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42 Figure 48. Comparison of yaw angles of crash data with detailed pickup truck vehicle simulation on the New Jersey safety shape barrier. Figure 49. Comparison of pitch angles of crash data with detailed pickup truck vehicle simulation on the New Jersey safety shape barrier.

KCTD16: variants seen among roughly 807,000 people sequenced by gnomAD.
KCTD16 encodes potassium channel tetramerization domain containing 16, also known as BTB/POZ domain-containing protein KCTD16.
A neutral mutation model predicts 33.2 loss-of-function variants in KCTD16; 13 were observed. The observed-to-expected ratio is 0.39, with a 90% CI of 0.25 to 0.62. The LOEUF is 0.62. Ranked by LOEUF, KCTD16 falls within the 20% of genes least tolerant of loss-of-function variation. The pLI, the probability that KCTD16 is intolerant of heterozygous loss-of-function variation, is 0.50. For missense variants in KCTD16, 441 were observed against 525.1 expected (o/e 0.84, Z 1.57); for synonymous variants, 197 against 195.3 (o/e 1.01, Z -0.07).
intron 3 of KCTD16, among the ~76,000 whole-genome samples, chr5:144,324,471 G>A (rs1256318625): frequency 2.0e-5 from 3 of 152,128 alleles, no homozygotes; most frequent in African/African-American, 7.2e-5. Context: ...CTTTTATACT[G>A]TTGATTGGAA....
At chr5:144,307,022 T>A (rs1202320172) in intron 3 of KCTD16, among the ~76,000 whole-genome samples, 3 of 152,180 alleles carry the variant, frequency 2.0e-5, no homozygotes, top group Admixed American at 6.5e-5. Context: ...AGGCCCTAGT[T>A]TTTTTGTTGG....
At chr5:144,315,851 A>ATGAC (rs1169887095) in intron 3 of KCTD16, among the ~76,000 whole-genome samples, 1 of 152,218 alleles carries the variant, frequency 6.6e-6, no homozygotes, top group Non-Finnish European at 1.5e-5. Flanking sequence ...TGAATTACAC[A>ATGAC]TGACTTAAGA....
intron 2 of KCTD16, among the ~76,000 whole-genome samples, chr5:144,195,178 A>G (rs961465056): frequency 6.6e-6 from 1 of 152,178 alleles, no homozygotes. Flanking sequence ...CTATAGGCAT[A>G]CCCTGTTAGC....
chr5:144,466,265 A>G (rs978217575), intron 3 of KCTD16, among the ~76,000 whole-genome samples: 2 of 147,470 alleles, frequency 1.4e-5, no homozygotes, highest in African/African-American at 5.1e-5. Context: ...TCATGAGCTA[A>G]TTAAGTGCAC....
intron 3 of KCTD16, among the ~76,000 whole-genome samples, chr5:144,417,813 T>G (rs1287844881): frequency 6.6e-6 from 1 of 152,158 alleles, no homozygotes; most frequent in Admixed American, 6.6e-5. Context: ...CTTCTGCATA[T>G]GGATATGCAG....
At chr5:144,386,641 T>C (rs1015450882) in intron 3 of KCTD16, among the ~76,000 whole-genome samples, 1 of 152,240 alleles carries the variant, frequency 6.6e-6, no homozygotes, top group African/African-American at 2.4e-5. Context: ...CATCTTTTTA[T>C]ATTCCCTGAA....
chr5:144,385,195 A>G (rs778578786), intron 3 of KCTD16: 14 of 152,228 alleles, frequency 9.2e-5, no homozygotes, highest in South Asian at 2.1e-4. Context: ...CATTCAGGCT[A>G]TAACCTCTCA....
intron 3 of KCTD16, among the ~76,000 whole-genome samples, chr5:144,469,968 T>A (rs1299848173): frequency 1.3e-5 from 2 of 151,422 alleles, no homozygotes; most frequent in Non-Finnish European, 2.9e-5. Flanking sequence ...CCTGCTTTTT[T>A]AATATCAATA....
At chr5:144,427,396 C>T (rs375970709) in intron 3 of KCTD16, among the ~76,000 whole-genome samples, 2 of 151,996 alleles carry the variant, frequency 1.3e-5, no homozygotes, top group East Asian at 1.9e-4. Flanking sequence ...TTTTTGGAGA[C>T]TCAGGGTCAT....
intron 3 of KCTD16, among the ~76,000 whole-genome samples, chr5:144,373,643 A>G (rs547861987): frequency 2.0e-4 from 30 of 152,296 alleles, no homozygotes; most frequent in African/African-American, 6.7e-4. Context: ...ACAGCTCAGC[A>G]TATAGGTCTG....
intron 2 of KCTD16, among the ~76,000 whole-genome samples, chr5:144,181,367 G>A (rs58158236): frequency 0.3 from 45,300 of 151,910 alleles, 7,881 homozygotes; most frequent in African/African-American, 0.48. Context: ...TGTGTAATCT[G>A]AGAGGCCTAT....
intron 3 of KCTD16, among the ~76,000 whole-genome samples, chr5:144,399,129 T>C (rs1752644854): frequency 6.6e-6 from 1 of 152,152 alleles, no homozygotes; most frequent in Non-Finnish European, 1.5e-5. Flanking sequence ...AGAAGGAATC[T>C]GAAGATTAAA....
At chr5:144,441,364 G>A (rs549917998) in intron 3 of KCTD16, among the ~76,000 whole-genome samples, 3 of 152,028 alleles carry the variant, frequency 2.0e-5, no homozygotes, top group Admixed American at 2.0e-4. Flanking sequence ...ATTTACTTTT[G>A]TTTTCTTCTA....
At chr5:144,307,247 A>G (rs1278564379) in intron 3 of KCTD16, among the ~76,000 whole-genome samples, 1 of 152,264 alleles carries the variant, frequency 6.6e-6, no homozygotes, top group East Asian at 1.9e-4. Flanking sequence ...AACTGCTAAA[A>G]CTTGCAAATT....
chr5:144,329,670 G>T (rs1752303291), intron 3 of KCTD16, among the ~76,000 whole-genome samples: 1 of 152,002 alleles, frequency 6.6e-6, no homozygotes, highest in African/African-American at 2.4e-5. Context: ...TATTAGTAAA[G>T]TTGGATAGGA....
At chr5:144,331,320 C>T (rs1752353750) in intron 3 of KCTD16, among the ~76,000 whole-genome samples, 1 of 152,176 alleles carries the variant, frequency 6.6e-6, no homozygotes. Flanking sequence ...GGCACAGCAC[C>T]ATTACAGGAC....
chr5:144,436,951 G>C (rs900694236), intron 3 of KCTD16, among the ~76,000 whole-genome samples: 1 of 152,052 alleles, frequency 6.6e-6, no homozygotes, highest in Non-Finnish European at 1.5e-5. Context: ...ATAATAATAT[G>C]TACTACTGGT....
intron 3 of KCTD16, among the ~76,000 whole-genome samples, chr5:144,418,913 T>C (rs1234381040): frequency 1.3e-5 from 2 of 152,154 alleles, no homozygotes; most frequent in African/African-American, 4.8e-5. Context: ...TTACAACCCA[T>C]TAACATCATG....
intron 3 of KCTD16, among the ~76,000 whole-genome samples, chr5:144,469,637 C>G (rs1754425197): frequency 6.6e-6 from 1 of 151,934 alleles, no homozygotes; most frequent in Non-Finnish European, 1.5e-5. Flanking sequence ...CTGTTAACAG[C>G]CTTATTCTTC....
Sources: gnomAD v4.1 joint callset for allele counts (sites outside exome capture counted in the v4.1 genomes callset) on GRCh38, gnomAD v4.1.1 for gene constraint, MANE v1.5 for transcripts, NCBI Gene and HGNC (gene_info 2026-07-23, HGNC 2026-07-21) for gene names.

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43 was the most predominant type of failure in the Caltrans study, structed for the crash test and the associated LS-DYNA model "Crash Testing of Various Textured Barriers."(19) There has used in the simulation of the system. been little research performed to assess or improve the ability of vehicle models to accurately capture and predict OCD Deep Cobblestone Barrier. The deep cobblestone barrier resulting from a barrier impact. Part of the pilot study con- (shown in Figure 51) is a single-slope barrier with a random ducted under this project was devoted to assessing the ability cobblestone surface treatment. This barrier was tested by of existing vehicle models to predict OCD, either through Caltrans as part of its project to develop guidelines for aes- direct measurement of the maximum deformation inside the thetic surface treatments for single-slope barriers. The bar- passenger compartment (similar to the procedure used in a rier failed the test due to excessive OCD of the pickup truck crash test), or by means of a surrogate measure correlated caused by the interaction of the wheel with the cobblestones. against the OCD measurements obtained in full-scale crash The maximum amount of relief on the cobblestone surface tests. was 64 mm. Several crash tests of concrete barriers with the 820C pas- For the simulation, the cobblestone surface was modeled senger car and the 2000P pickup truck were identified. How- using hemispherical and ellipsoidal shapes with the same ever, the number of useful crash tests was limited, especially depth as the actual surface treatment. Because this was one for the small car. This was because OCD was not measured of the few pickup truck tests with a solid (i.e., without win- and reported prior to the publication and adoption of NCHRP dows) concrete barrier that failed due to excessive OCD, it Report 350 and many of the small-car compliance tests with provided a useful data point for correlation of the surrogate standard concrete median barrier shapes were conducted before OCD measures. NCHRP Report 350. All of the identified concrete barrier crash tests with measured OCD were modeled and simulated. Each simulation was set up to collect several potential measures of Shallow Cobblestone Barrier. After the failure of the OCD. The objective was to determine a measure that would deep cobblestone barrier, the depth of the cobblestone sur- demonstrate the best correlation with the maximum OCD face treatment was reduced to 19 mm and retested by Cal- reported in the crash tests. trans. Typical relief of the shallow cobblestone surface is shown in Figure 52. In the pickup truck crash test of this bar- Simulated Barrier Designs rier, the drive shaft became dislodged from the transmission. Oregon Bridge Railing. The Oregon bridge rail is a con- Although the vehicle remained upright during the test, this crete beam and post bridge rail similar to the Texas T411. type of damage was considered by Caltrans to represent a When the impact performance of this barrier was evaluated potential rollover risk. As a result, Caltrans decided that the with a pickup truck, the OCD was 475 mm, which signifi- barrier did not meet NCHRP Report 350 evaluation criteria. cantly exceeded the 150-mm limit imposed by the FHWA.(23) However, since the shallow cobblestone reduced the maxi- Therefore, this test served as one of the failure points in the mum OCD of the vehicle to within acceptable limits, this test OCD pilot study. Figure 50 shows an image of the rail con- illustrated the effect of surface asperity depth on vehicle (a) (b) Figure 50. Oregon bridge railing: (a) actual; (b) simulation model.